Alas, poor New York City Opera, we knew you

The demise of the "people's opera" puts another nail in the coffin of art for everyone. But, ah, the memories.

Beverly Sills takes a curtain call in November 1980. Photo: G. Paul Burnett

Beverly Sills takes a curtain call in November 1980. Photo: G. Paul Burnett

 

Or I did, anyway, from childhood, when second-balcony tickets cost a buck, as Bob Hicks pointed out in today’s ArtsWatch newsletter.  Today, New York City Opera, born in 1943, died of financial neglect and other causes at the age of 70, ending a long and storied and egalitarian run. Mayor Fiorello La Guardia intended that the now splendidly restored former Masonic Temple known as New York City Center be the people’s theater, and in New York in the Forties, even artists who could barely afford to buy paint could scrape up the money to go to the opera there.

So, when I was about nine, which would make it 1947 or so, on a school night even, I and my oldest sister-friend, then eight, got all dressed up in our velvet dresses and black patent leather Mary Janes and were taken to see “The Marriage of Figaro” at New York City Opera by my father, who loved all things Mozart. And I became well and truly hooked on opera.  And my father, who basically detested Italian opera, and Italian tenors in particular,  took me a couple of years later to “I Pagliacci” and “Cavalleria Rusticana” on the grounds that cultured people needed to know about them.

I don’t know who was singing Pagliacci, but when he began his famous laugh-through-your tears aria,  Dad began to sing along.  I was mortified.

“Daddy,” I whispered.  “Don’t do that. People are looking.”

Dad sang on, and when the aria was over, under cover of the applause that was not for him, said, “It’s okay.  In Italy, everybody does it.”

“You’re not in Italy,” I said through clenched teeth. (I went to one of those very progressive schools where we learned no arithmetic, but a whole lot about respecting the cultural habits of others; also how to bake bread the way the pioneers did.)

My father laughed. Like Pagliacci: ha ha ha.

Later, on my own, I attended a fantastic program that paired Stravinsky’s “Oedipus Rex” with “Carmina Burana,” not as successfully as the Portland Opera’s pairing of the latter with “Cavalleria Rusticana” many years later, but in “Carmina” I got to see the magnificent Carmen de Lavallade dance the Girl in the Red Vest, and the singing in both works was superb.  At some point, there was an “Aida” on a stage so crowded that, during the triumphal procession, Radames nearly choked on a banner a super was waving way too energetically. And my first “Rigoletto” made  me weep copiously as the title character sang of his love for his daughter.  (For me, it is a three-hanky opera to this day.)

In that same period, I was going to New York City Ballet with my mother, and saw Maria Tallchief dance the title role in “Firebird,” also from City Center’s second balcony, in 1949.  Without New York City Opera, in fact, there might not have been a City Ballet, or at least not one so soon. In 1946, Lincoln Kirstein had founded an organization called Ballet Society, which premiered such modern masterpieces as Balanchine’s “Four Temperaments” in impossible venues around New York, including the Needle Trades High School. In 1948, when Isamu Noguchi, Balanchine and Stravinsky collaborated on “Orpheus,” Kirstein found the money to rent City Center, and as the story goes, Morton Baum, who was City Center’s equivalent of a managing director, was so impressed by a dress rehearsal that he invited Ballet Society to become resident there, and rename itself New York City Ballet.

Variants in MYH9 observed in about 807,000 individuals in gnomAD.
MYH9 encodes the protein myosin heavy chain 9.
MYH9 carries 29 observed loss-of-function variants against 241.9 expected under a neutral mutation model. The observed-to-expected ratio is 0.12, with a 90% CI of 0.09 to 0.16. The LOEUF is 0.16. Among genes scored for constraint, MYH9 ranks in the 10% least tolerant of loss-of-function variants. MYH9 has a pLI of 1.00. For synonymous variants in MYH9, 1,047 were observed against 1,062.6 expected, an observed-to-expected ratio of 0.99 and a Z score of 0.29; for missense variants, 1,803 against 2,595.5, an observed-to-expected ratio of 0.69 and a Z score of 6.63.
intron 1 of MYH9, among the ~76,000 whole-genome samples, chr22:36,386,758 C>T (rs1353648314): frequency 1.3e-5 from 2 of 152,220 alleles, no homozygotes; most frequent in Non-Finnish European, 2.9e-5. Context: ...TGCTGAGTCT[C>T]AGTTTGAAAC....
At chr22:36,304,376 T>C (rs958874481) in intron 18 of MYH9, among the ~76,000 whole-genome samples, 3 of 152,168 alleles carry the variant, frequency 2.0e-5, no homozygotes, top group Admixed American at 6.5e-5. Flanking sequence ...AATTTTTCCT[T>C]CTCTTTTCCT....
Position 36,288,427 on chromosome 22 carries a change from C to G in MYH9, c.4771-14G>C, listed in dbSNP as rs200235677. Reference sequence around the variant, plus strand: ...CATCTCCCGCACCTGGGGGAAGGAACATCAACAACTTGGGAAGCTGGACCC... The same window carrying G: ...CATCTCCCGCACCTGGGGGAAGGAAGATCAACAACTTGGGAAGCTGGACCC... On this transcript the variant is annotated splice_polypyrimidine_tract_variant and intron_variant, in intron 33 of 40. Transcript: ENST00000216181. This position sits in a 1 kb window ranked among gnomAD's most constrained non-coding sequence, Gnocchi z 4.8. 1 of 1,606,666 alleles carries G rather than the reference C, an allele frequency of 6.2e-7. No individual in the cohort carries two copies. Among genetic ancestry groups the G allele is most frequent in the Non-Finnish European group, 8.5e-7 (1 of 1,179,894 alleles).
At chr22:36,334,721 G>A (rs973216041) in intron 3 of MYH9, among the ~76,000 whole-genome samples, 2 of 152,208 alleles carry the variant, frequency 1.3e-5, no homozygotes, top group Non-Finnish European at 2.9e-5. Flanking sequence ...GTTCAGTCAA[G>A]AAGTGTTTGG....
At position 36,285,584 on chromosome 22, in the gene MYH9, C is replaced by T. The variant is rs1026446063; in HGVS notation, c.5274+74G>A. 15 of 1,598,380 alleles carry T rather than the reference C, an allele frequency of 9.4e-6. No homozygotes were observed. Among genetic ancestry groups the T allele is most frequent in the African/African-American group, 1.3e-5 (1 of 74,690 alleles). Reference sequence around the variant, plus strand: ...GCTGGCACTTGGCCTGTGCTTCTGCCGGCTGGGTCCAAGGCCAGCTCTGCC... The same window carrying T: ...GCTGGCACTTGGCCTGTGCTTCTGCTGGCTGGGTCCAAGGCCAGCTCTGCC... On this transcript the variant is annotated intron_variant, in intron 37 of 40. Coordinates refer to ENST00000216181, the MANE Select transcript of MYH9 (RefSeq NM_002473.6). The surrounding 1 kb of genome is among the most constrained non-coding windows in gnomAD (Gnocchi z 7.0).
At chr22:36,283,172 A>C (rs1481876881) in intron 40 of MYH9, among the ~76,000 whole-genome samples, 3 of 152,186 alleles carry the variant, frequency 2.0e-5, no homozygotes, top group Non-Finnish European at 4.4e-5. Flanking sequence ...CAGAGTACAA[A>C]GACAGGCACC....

Mayor LaGuardia wanted the people of New York, all the people of New York, to have access to the arts that used to drive that city’s culture, and in many respects still do.  There were free concerts in Washington Square Park; all the public museums were free; only MoMA charged  admission.  He wanted the arts to be part of people’s lives – the way they are, come to think of it, in Italy, where a child can pass by a magnificent piece of sculpture on her way to school, and at the opera, “everybody” sings along.

"Anna Nicole," the final opera in NYCB's storied 70-year lifetime. Photo: Brooklyn Academy of Music

“Anna Nicole,” final opera in NYCB’s 70-year lifetime. Photo: Brooklyn Academy of Music

3 Responses.

  1. Cynthia Kirk says:

    Wonderful remembrance, Martha! I love the details, the attitude, the color. I can hear your voice in every sentence, especially through clenched teeth! I never got to see NYC Opera at City Center but in my pasta days (when I could afford nothing else on my publishing pittance), I saw lots of dance there; $10 seats in the top balcony. Alvin Ailey, the Joffrey; it was wonderful. And several years later, when I was earning a bit more money and the seats were more expensive, Spalding Gray in Our Town. Although opera did not become my favorite art form, it was opera that gave me my first vividly remembered theater-going experience. Philadelphia Academy of Music, with my mother, nose bleed territory. Madame Butterfly. Thanks for the recollection.

  2. Martha Ullman West says:

    Thanks Cynthia. Madame Butterfly was the first opera I saw at the Met as it happens, when as a reward for my work as an intern at the Hudson Review I received dress circle tickets. If that had been my first opera, I doubt I’d have gotten hooked as I did; New York City Opera was particularly good at Mozart; their Cosi Fan Tutti was wonderful and in pre-Sills days, there really were no stars.

  3. Martha Ullman West says:

    And furthermore…I have no favorite art form. And would add that under the directorship of Stefan Minde, years ago, and Christopher Mattaliano now, the Portland Opera is quite reminiscent of New York City Opera in the old days, except of course for the price of admission.

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